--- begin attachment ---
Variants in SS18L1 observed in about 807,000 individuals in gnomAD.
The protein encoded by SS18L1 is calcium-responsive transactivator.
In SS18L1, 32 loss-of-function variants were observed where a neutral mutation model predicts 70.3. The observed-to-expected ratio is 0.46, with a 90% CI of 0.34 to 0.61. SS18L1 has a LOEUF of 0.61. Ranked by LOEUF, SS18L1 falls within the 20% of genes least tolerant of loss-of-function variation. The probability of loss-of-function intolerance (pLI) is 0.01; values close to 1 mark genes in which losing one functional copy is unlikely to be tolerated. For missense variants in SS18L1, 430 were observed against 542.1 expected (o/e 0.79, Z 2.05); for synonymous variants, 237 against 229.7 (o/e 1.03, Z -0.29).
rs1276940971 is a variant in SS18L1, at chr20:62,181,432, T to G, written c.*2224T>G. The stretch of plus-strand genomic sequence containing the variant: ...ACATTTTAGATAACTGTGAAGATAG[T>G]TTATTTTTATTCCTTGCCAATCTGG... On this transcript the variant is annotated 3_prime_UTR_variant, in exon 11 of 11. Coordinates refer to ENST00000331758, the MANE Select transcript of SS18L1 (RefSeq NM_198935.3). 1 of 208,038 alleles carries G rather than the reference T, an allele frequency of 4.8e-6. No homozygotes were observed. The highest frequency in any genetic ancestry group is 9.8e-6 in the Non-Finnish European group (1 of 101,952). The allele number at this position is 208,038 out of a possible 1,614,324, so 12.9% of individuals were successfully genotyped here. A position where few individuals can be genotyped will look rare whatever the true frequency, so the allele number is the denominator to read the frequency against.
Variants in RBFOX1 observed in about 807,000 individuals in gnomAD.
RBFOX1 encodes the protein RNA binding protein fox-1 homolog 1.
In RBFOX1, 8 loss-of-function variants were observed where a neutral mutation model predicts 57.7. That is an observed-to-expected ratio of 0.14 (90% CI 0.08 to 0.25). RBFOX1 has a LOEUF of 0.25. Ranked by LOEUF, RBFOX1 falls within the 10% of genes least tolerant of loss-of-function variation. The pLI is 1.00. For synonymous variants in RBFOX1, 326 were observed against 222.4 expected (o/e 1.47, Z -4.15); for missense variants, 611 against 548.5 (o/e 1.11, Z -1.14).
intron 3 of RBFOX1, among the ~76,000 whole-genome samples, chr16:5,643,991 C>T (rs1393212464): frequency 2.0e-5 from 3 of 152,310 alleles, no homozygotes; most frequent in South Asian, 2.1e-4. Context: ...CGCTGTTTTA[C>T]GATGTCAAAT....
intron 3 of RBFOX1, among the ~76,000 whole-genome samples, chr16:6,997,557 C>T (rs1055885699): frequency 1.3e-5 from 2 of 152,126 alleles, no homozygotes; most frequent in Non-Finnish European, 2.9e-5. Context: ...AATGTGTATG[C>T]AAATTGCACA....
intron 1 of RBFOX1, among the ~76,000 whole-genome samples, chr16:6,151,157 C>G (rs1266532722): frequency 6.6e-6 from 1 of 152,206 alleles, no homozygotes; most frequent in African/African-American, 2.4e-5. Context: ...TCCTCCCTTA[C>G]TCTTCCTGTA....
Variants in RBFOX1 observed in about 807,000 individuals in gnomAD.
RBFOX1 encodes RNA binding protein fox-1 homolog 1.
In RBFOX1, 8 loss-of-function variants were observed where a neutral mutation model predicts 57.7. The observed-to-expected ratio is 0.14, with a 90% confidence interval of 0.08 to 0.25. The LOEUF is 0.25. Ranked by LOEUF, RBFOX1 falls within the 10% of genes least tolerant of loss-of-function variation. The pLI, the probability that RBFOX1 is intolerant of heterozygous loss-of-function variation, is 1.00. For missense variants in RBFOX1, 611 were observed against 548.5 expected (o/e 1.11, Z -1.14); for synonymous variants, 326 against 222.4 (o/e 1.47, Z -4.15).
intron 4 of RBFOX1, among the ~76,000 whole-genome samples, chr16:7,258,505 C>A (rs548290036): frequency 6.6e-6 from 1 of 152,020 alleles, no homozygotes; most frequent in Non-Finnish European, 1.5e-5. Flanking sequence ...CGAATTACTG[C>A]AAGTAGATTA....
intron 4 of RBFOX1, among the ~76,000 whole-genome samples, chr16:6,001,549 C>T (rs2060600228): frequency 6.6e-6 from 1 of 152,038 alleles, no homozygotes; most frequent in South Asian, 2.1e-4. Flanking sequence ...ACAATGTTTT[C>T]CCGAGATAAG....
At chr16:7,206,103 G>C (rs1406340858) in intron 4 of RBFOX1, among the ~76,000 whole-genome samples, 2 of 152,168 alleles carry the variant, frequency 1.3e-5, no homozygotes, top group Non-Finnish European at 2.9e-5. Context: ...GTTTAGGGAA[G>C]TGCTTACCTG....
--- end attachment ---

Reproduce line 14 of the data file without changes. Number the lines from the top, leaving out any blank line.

intron 4 of RBFOX1, among the ~76,000 whole-genome samples, chr16:7,258,505 C>A (rs548290036): frequency 6.6e-6 from 1 of 152,020 alleles, no homozygotes; most frequent in Non-Finnish European, 1.5e-5. Flanking sequence ...CGAATTACTG[C>A]AAGTAGATTA....